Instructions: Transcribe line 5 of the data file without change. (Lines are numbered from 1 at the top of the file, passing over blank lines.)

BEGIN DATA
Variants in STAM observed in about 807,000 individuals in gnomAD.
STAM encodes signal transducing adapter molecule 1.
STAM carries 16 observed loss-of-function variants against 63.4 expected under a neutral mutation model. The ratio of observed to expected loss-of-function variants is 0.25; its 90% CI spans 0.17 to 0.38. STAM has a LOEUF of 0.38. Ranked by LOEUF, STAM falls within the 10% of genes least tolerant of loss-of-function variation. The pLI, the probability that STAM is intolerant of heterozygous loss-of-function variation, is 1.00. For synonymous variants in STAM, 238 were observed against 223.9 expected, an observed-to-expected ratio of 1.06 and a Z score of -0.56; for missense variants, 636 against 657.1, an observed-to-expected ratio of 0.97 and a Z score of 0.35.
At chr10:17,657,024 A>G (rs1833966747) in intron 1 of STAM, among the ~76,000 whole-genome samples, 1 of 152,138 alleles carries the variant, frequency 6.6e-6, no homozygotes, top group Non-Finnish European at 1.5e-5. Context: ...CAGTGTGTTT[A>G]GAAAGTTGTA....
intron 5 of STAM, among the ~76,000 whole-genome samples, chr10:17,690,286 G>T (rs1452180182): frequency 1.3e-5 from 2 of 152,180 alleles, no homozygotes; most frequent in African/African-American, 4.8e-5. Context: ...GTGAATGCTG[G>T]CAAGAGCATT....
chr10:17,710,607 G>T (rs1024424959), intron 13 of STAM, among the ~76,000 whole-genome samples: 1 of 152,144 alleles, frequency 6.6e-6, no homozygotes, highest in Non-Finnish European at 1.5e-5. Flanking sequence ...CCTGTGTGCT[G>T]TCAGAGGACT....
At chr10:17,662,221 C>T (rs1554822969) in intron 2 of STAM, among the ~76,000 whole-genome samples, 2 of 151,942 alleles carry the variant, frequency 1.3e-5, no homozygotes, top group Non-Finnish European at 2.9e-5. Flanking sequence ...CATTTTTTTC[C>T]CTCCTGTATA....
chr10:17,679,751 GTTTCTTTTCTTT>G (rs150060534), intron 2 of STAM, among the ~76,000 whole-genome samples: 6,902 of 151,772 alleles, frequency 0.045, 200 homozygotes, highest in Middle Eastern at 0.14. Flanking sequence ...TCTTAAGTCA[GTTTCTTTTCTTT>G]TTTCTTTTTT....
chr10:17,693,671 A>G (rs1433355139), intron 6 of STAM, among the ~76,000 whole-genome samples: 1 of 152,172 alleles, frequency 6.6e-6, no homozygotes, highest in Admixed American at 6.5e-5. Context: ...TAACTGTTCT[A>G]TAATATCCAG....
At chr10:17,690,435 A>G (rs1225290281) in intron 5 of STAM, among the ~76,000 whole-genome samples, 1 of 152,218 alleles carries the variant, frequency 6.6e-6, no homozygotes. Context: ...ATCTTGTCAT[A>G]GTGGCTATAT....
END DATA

intron 5 of STAM, among the ~76,000 whole-genome samples, chr10:17,690,286 G>T (rs1452180182): frequency 1.3e-5 from 2 of 152,180 alleles, no homozygotes; most frequent in African/African-American, 4.8e-5. Context: ...GTGAATGCTG[G>T]CAAGAGCATT....